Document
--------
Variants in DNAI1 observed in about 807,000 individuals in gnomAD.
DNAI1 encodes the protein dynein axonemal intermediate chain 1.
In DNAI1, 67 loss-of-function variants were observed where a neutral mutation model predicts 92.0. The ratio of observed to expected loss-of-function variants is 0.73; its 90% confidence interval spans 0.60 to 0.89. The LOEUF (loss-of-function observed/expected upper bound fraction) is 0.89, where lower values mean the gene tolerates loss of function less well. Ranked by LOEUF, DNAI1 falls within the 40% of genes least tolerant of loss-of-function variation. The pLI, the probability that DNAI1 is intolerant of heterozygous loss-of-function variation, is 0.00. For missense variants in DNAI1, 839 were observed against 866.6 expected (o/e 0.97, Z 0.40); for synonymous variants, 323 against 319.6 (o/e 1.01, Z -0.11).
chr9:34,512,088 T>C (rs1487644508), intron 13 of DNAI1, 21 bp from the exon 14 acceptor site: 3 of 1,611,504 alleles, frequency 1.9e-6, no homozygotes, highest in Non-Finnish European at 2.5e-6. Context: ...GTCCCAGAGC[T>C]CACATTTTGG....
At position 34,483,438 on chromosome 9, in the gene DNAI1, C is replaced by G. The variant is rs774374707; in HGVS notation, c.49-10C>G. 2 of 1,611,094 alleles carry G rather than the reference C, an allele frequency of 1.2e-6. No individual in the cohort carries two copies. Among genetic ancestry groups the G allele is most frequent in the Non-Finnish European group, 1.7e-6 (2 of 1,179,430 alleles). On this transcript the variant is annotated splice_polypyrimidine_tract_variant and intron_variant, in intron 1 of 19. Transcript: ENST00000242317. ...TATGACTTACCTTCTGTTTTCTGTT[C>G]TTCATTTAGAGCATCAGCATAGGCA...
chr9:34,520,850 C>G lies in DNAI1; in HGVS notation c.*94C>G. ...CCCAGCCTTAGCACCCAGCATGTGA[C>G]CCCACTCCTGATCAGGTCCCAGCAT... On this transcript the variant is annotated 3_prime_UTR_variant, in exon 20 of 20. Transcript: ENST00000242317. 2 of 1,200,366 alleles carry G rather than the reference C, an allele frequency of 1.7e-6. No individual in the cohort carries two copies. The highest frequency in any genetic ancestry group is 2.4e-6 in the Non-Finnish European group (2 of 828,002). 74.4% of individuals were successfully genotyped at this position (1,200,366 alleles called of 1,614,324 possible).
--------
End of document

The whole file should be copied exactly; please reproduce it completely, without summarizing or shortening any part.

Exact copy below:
Variants in DNAI1 observed in about 807,000 individuals in gnomAD.
DNAI1 encodes the protein dynein axonemal intermediate chain 1.
In DNAI1, 67 loss-of-function variants were observed where a neutral mutation model predicts 92.0. The ratio of observed to expected loss-of-function variants is 0.73; its 90% confidence interval spans 0.60 to 0.89. The LOEUF (loss-of-function observed/expected upper bound fraction) is 0.89, where lower values mean the gene tolerates loss of function less well. Ranked by LOEUF, DNAI1 falls within the 40% of genes least tolerant of loss-of-function variation. The pLI, the probability that DNAI1 is intolerant of heterozygous loss-of-function variation, is 0.00. For missense variants in DNAI1, 839 were observed against 866.6 expected (o/e 0.97, Z 0.40); for synonymous variants, 323 against 319.6 (o/e 1.01, Z -0.11).
chr9:34,512,088 T>C (rs1487644508), intron 13 of DNAI1, 21 bp from the exon 14 acceptor site: 3 of 1,611,504 alleles, frequency 1.9e-6, no homozygotes, highest in Non-Finnish European at 2.5e-6. Context: ...GTCCCAGAGC[T>C]CACATTTTGG....
At position 34,483,438 on chromosome 9, in the gene DNAI1, C is replaced by G. The variant is rs774374707; in HGVS notation, c.49-10C>G. 2 of 1,611,094 alleles carry G rather than the reference C, an allele frequency of 1.2e-6. No individual in the cohort carries two copies. Among genetic ancestry groups the G allele is most frequent in the Non-Finnish European group, 1.7e-6 (2 of 1,179,430 alleles). On this transcript the variant is annotated splice_polypyrimidine_tract_variant and intron_variant, in intron 1 of 19. Transcript: ENST00000242317. ...TATGACTTACCTTCTGTTTTCTGTT[C>G]TTCATTTAGAGCATCAGCATAGGCA...
chr9:34,520,850 C>G lies in DNAI1; in HGVS notation c.*94C>G. ...CCCAGCCTTAGCACCCAGCATGTGA[C>G]CCCACTCCTGATCAGGTCCCAGCAT... On this transcript the variant is annotated 3_prime_UTR_variant, in exon 20 of 20. Transcript: ENST00000242317. 2 of 1,200,366 alleles carry G rather than the reference C, an allele frequency of 1.7e-6. No individual in the cohort carries two copies. The highest frequency in any genetic ancestry group is 2.4e-6 in the Non-Finnish European group (2 of 828,002). 74.4% of individuals were successfully genotyped at this position (1,200,366 alleles called of 1,614,324 possible).